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Ancient Egyptian Wisdom ... Daily Practice

Tuesday, May 19, 2009

Happy Birthday Malcolm X!

Some of you might believe that a post on Malcolm X might be out of place on The Udjat. After all, this blog seeks to restore the moral compass in contemporary society by the study and application of the Ancient Egyptian ideal, Ma'at. What does Malcolm X have to do with this, right? Actually, Brother Malcolm is the prototype of all of spiritual seekers, particularly those of African descent.

Malcolm X was born on May 19, 1925 as Malcolm Little. His father was a fiery Baptist Minister and an acolyte of the Honorable Marcus Mosiah Garvey. White racists would eventually murder his father, probably feeling his preaching might rile his Black parishioners. Unfortunately this act would send Malcolm's family into a tailspin, eventually leading to frequent foster care placements for all of the children and psychiatric institutionalization for his mother.

Malcolm X’s life prior to joining the Nation of Islam has been well-chronicled: inadequate education, menial jobs, and incarceration. His potential was stolen by the same factors which still plague the African community in the United States—and all over the world. Malcolm's life as one of this nation's most insightful Black Nationalist Leaders has also been oft-recounted. Malcolm's biting analysis, bravery in the face of powerful forces, and rhetorical prowess has made his speeches long sought after more than 40 years after his killing. I think his life very closely mirrors the trials of Heru (see May 17th post for more).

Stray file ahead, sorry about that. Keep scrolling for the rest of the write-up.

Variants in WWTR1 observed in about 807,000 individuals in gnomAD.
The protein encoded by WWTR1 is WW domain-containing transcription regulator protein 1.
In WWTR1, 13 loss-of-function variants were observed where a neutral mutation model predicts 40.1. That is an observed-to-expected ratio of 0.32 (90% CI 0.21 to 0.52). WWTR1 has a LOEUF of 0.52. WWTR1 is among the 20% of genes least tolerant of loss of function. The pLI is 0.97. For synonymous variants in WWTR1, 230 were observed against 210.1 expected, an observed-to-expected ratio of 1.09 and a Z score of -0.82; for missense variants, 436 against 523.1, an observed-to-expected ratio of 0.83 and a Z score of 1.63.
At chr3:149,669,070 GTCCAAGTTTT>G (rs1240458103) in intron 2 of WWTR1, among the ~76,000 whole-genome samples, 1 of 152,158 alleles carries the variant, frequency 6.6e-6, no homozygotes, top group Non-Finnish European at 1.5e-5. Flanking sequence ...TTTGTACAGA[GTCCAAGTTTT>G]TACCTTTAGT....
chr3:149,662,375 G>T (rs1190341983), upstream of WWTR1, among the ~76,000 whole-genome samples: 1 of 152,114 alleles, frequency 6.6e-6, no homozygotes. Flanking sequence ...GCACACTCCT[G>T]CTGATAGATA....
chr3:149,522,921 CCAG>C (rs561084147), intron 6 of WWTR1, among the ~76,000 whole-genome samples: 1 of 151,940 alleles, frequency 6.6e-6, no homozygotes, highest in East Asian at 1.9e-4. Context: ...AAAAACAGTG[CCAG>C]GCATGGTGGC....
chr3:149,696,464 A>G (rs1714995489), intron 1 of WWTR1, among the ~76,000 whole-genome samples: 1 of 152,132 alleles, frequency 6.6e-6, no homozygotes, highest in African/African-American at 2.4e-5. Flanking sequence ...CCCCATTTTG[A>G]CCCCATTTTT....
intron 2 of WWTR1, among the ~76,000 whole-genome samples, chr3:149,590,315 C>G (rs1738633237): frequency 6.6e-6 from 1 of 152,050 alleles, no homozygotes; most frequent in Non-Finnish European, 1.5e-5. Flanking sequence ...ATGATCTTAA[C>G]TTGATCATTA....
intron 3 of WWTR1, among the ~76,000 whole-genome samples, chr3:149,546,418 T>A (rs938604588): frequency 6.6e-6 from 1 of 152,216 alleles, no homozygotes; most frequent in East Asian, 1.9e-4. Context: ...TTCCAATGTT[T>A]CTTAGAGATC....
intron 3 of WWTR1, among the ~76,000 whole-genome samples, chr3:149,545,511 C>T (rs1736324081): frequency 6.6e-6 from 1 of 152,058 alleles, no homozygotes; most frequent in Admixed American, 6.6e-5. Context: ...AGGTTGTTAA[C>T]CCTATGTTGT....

Much less explored was Malcolm’s ability to critique the world around him which led to a unique ability to be publically introspective. He was always willing to alter his beliefs and actions based on the rigorous analysis of new information. I'd like to believe that if he had the benefit of all of archeological and historical data on the ethnicity of the Ancient Egyptians and also the origins of the three major religions; he might have eventually considered himself an adherent to Kemetic spirituality. He might have even called it the "true religion of Black mankind". Happy Birthday, Malcolm X; you are still our Black Shining Prince.

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